Erythronium americanum - how to get it to flower

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Mark McD
Title: Moderator
Joined: 2009-12-14

Hello Lis,  that's encouraging that you've been able to enhance flowering a little bit, although still hard to draw concrete conclusions about what it is that stimulates flowering.

Regarding your question "How do you sign off on this thing??", I interpret this as "how do I log off of the NARGS Forum".  You have two options.  Near the top of any NARGS Forum page, the is the general options menu bar, with HOME on the left side, and LOGOUT on the right-hand sign.  You can choose LOGOUT, then close your browser window after logging out.  Next time you access the NARGS Forum to post, you will need to login again.  This is the most secure option.

If on the other hand, when you first login to NARGS Forum, you can select the option to stay logged in.  If that option is selected, you can simply close the browser window without manually selecting LOGOUT.  If you do it that way, next time you access the NARGS Forum, you'll automatically already be logged in.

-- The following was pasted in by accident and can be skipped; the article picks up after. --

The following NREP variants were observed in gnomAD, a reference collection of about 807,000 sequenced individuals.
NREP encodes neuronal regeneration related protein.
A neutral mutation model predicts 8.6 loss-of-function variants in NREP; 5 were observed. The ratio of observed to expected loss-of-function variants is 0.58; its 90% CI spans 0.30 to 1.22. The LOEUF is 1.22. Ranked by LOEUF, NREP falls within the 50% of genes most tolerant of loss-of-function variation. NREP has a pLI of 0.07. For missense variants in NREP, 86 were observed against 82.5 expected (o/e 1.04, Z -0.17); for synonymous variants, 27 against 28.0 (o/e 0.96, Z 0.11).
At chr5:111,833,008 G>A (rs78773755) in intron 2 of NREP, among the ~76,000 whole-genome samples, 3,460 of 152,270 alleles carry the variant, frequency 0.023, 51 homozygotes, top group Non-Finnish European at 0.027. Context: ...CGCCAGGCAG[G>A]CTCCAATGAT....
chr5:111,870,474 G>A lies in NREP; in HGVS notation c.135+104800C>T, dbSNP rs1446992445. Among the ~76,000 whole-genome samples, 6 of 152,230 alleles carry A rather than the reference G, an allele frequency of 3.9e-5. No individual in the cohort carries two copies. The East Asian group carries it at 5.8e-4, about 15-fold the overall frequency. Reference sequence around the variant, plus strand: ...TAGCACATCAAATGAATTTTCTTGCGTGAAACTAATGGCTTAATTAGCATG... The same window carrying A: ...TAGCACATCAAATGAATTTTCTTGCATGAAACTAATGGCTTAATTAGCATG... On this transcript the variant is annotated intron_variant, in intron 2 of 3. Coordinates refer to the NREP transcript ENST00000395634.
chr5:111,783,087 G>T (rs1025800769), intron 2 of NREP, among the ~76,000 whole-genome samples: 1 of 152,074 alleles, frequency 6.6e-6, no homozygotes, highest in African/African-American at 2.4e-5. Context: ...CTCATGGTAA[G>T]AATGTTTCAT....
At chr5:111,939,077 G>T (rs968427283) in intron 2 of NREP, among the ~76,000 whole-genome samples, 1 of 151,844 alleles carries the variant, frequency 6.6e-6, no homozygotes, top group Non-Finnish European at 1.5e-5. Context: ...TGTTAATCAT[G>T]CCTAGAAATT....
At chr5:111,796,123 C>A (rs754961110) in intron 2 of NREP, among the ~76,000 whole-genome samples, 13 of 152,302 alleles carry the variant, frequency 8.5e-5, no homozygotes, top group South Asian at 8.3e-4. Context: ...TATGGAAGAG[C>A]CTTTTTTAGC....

Mark McDonough
Massachusetts, USA, near the New Hampshire border USDA Zone 5
antennaria at aol.com
 

RickR
Title: Moderator
Joined: 2009-09-21

Lis wrote:

I have moved several blooming plants into my garden, and they all bloomed again this spring, even the one that got pulled up by some critter and left to dry out on top of the soil. In one case the blooming plant is now surrounded by 5 small leaves. It'll be interesting to see if and when they bloom.

This also makes me wonder if there is a maturity aspect to the equation.  Since bulbs continued to flower the next season despite adversity, perhaps it is getting over that "hump" out of vegetative mode into reproductive mode that is a (the?) hurdle.  What pushes it over the hump is the question.

Another clue....maybe: with many Lilium species, if the conditions are too dry, the bulb tends to break up into many small, non-blooming bulbs, rather than remain as one large, flowering bulb.  I have witnessed this myself, with more than one Lilium hybrid with widely differing parentage, and there were no outward signs of water stress.  The same bulbs replanted in more moisture retentive soil produced large, floriferous plants.  So this might be interpreted as supporting the "ideal" moisture conditions encouraging reproductivity, versus dry that fosters a vegetative mode.

Um yeah, not a big revelation, but perhaps something to build on.

Rick Rodich    zone 4a.    Annual precipitation ~24 inches
near Minneapolis, Minnesota, USA

Reed
Reed's picture
Title: Guest
Joined: 2010-10-09